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It’s a small world after all, at the Great American Dollhouse Museum

The Great American Dollhouse Museum’s 200-plus dollhouses, room boxes and buildings are built to 1:12 scale. Photo: Tim Webb
The bedroom of a mother and her baby in the opulent Mansion District. Photo: Tim Webb
An opulent dining room with details such as wallpaper, art and a ceiling medallion. Photo: Tim Webb
A painter at work, by internationally known sculptor Sharon Cariola. Photo: Tim Webb
Tom Farrell and Shelley Bartlett-Farrell, Cedar Crest, New Mexico, visit the 6,000-square-foot Great American Dollhouse Museum, Danville, Kentucky. Photo: Tim Webb
The Great American Dollhouse Museum is a cultural heritage museum portraying the social history of the U.S. with its miniature vignettes of everyday life. Photo: Tim Webb
Lori Kagan-Moore, director and curator, of The Great American Dollhouse Museum, Danville, Kentucky. Photo: Tim Webb
Copper Creek Coal Company, a fictional Kentucky coal camp of around 1910. Photo: Tim Webb
The Copper Creek Coal Company Store. Photo: Tim Webb
Miners at the Copper Creek Coal Company Mine No. 2. Photo: Tim Webb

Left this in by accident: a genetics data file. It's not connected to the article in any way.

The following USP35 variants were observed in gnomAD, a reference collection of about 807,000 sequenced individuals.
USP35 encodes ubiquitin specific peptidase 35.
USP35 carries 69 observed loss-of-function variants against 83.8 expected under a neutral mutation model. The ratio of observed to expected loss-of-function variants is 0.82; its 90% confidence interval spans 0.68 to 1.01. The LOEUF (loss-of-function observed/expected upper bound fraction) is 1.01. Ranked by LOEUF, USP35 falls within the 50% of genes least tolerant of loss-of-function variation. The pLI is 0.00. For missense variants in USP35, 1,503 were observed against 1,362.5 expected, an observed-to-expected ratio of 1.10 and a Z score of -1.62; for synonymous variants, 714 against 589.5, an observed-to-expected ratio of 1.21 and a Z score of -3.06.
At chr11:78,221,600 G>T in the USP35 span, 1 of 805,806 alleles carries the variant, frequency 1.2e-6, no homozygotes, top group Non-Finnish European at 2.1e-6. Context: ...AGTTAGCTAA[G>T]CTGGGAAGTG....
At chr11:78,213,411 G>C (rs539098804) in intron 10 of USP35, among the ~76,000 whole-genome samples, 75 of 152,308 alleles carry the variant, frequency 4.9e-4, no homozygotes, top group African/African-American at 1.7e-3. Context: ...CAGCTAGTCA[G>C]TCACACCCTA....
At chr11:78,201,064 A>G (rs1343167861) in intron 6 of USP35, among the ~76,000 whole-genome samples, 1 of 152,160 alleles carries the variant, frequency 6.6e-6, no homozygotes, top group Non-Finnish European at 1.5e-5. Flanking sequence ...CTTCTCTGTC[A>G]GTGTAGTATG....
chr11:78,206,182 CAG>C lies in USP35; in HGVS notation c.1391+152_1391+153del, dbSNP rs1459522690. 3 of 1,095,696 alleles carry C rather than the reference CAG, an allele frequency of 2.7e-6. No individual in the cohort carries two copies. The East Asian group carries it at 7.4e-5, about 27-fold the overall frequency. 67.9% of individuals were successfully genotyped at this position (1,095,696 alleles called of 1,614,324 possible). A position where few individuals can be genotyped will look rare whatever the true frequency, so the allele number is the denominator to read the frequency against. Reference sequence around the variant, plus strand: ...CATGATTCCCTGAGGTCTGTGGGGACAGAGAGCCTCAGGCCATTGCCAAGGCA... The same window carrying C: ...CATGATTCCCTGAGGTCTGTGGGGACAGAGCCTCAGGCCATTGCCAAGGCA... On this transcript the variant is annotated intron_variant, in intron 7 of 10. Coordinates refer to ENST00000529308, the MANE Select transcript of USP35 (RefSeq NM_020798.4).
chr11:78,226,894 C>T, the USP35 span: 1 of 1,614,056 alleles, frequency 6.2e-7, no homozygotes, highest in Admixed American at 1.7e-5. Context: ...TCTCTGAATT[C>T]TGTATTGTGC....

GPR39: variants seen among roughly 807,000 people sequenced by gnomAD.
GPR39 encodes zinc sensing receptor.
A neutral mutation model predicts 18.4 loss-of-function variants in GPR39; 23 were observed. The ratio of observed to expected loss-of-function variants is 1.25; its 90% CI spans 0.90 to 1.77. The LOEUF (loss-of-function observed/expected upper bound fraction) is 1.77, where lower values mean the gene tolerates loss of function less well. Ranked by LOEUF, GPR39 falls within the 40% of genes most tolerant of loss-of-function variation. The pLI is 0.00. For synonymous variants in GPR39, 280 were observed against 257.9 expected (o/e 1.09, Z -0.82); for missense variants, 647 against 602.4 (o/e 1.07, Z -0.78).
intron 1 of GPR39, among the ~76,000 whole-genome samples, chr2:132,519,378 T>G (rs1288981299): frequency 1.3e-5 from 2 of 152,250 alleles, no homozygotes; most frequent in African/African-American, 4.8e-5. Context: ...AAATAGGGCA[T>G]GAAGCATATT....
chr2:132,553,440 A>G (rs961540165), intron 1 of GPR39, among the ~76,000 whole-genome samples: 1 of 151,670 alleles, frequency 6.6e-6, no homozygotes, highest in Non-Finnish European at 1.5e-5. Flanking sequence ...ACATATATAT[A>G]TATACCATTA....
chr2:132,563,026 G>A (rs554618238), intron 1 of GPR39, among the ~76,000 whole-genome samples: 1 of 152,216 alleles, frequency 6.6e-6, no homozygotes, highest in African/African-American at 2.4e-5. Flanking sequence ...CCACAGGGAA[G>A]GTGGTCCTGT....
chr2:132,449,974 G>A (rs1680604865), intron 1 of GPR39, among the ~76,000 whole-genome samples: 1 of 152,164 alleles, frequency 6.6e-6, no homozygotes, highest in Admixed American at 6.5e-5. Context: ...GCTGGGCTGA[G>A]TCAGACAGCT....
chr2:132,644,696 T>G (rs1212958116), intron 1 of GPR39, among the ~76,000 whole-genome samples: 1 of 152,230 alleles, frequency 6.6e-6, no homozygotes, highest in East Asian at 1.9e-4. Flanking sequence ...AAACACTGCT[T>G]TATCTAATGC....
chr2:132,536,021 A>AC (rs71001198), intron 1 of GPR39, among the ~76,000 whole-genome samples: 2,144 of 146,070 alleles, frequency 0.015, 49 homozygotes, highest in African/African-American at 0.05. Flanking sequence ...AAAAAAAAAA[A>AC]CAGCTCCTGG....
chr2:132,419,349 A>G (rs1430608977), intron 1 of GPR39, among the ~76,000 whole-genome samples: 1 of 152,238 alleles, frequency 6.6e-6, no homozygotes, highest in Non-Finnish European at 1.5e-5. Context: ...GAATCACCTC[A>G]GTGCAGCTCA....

Everyday life at the Copper Creek Mining Camp. Photo: Tim Webb
Hands of burley tobacco for sale at a tobacco warehouse in Copper Hollow. Photo: Tim Webb
Alma Kiss works on the newest exhibit, Mummert’s Castle at Martha’s Mill and The Fraewood, a medieval town and forest. Photo: Tim Webb
Mummert’s Castle at Martha’s Mill is 10 feet tall. Photo: Tim Webb
Mummert’s Castle at Martha’s Mill is a sprawling 14th-century Celtic castle. Photo: Tim Webb
A medieval grain mill, part of the fantasy quest story that begins in the town of Martha’s Mill. Photo: Tim Webb
The dining hall in the medieval village. Photo: Tim Webb
A chapel in Mummert’s Castle. Photo: Tim Webb
A peek inside Mummert’s Castle. Photo: Tim Webb
Make your own: Purchase a dollhouse kit, furniture or decor at the Great American Dollhouse Museum and Miniatures Store. Photo: Tim Webb

If the walls of Danville’s old National Guard Armory could talk, they’d tell you to listen—not with your ears but with your eyes. The hundreds of residents of the Great American Dollhouse Museum have many stories to share, and they tell them without uttering a single word.